Transcriptomics studies are critical to understanding how biological systems work. However, this technique only estimates protein function and is not a direct measurement, telling researchers what might occur in a cell if it neglects post-translational modifications and protein interactions.
While commonly used and more cost effective in recent years, traditional DNA and RNA sequencing have many shortcomings. They not only require a lot of hands-on time, but are not end-to-end, and need substantial data processing and analysis.
In contrast, proteomics identifies the levels of proteins in the cell, where they are located, and can help explain which proteins interact with each other.
Because proteins carry out cellular functions, proteomics is a more effective tool for researching disease pathogenesis, therapeutic development, and studying mechanisms of tumor resistance. For example, in cancer, researchers often look to genomic markers to understand signaling pathways, but functional adaptations can occur in the tumor that are unrecorded in genomic signatures, thus it is important to look at intracellular proteomics.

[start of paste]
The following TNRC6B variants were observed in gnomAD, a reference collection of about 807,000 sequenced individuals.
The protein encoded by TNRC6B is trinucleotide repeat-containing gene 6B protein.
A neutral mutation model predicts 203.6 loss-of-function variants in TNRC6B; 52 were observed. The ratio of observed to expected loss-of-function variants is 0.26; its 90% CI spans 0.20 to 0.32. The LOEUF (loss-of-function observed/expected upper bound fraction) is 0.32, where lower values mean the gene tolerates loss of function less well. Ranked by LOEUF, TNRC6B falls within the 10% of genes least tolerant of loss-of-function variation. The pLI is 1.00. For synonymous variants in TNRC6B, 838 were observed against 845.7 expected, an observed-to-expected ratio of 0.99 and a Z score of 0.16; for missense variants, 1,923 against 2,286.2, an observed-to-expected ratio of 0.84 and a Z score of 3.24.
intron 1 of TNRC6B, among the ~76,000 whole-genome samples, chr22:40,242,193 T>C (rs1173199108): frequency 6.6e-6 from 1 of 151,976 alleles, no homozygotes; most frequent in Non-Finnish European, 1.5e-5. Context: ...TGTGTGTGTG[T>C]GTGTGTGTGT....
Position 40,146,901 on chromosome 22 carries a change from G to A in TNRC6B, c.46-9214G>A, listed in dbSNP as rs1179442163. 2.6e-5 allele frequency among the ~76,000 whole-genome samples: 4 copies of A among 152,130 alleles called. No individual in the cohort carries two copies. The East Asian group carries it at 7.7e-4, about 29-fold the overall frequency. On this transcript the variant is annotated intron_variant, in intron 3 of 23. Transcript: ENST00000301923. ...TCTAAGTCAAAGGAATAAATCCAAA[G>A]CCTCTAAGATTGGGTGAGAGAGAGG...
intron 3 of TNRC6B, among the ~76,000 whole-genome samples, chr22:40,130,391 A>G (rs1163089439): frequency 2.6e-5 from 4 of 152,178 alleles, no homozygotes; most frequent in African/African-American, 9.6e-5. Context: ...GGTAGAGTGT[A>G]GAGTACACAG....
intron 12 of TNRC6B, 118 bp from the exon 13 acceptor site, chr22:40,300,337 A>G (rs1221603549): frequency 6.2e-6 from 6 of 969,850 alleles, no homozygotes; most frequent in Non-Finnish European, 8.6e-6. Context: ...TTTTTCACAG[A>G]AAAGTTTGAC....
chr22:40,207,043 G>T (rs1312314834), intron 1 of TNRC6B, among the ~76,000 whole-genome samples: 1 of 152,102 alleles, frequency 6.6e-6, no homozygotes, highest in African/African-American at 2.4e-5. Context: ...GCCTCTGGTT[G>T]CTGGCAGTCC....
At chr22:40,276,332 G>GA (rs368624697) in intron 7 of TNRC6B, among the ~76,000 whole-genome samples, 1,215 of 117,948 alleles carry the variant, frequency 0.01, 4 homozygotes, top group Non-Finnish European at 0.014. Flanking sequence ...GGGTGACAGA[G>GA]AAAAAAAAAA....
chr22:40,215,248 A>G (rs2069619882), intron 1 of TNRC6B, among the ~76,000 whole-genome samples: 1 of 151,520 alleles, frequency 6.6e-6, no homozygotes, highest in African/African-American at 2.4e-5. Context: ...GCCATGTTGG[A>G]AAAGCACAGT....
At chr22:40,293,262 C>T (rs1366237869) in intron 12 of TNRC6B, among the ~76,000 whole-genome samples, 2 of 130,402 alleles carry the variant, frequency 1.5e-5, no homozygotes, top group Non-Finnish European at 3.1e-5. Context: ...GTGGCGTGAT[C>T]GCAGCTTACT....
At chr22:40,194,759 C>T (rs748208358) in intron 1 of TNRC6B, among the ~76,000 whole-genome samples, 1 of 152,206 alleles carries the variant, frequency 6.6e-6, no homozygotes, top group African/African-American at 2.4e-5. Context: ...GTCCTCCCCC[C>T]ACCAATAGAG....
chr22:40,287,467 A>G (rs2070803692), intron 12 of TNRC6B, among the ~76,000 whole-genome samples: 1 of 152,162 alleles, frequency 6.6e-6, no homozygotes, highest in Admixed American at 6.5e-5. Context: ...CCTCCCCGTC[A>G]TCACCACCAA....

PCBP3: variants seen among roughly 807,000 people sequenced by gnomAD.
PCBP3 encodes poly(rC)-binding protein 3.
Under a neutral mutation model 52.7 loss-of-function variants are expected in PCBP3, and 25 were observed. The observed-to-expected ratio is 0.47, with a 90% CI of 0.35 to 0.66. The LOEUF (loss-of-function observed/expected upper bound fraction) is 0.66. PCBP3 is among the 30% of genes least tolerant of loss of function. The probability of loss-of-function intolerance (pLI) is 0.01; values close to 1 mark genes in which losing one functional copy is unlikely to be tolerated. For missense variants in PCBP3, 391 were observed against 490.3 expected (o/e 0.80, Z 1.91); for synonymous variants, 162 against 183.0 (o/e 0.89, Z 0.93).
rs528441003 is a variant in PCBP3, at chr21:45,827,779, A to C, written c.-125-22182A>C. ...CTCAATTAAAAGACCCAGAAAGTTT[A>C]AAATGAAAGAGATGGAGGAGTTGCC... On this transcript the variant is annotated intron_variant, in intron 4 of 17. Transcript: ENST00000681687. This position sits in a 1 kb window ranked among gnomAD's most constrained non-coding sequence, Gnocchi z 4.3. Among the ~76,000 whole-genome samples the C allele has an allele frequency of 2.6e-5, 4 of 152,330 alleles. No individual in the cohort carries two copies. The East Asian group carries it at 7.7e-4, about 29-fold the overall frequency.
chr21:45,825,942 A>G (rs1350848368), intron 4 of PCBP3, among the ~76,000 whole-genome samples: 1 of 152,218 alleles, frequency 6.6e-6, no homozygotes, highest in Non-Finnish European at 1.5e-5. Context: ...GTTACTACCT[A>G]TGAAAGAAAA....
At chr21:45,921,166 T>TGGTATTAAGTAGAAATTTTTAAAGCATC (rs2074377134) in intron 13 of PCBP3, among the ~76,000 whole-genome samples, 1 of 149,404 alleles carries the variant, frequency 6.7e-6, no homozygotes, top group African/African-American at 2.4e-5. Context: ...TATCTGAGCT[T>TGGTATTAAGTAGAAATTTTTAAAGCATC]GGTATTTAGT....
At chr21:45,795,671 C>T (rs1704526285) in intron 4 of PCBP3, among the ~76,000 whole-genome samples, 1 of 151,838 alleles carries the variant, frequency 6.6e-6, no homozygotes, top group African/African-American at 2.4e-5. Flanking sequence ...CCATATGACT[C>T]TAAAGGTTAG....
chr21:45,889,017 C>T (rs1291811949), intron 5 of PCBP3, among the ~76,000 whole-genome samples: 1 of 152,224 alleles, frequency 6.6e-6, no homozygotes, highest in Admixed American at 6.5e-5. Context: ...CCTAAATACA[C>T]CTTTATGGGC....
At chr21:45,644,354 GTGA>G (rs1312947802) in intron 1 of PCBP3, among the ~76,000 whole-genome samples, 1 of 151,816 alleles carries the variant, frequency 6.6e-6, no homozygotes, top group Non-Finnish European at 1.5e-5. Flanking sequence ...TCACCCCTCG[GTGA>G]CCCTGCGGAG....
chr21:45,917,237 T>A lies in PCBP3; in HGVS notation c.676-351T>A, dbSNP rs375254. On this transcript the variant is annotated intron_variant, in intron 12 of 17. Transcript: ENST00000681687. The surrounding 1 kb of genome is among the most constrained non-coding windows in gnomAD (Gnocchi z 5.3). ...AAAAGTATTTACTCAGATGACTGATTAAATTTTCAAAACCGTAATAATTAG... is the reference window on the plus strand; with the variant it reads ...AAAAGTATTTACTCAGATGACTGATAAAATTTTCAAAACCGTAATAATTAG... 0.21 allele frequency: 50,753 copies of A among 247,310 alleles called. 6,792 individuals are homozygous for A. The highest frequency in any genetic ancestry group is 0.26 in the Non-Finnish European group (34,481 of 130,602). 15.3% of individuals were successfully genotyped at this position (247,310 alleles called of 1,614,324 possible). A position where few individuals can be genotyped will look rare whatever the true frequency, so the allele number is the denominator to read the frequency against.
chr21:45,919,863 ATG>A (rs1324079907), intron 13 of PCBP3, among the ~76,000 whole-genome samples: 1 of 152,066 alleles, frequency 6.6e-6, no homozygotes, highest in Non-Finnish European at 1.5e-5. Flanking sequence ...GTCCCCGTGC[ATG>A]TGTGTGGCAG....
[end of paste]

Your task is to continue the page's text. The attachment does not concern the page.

Single-cell proteomics can provide a more complete picture of heterogenous cell populations, enabling identification of cellular subsets driving disease or response in a more predictive manner than single-cell transcriptomics.
Each immune cell is different; therefore, the complete characterization of each individual cell is critical. While the transcriptome is measured via RNA sequencing, and surface phenotype is measured via flow cytometry, the complete cellular definition is incomplete without measuring extracellular cytokines that are doing the work in tumor immunology.
For single cells, IsoPlexis fills the gap as the only technology to directly detect functional cytokines that matter. We offer affordable single-cell and bulk solutions in a fully automatic, end-to-end solution to achieve a direct protein readout:
To learn more about how IsoPlexis can help accelerate your therapeutics, visit our Single-Cell Proteomics Blog.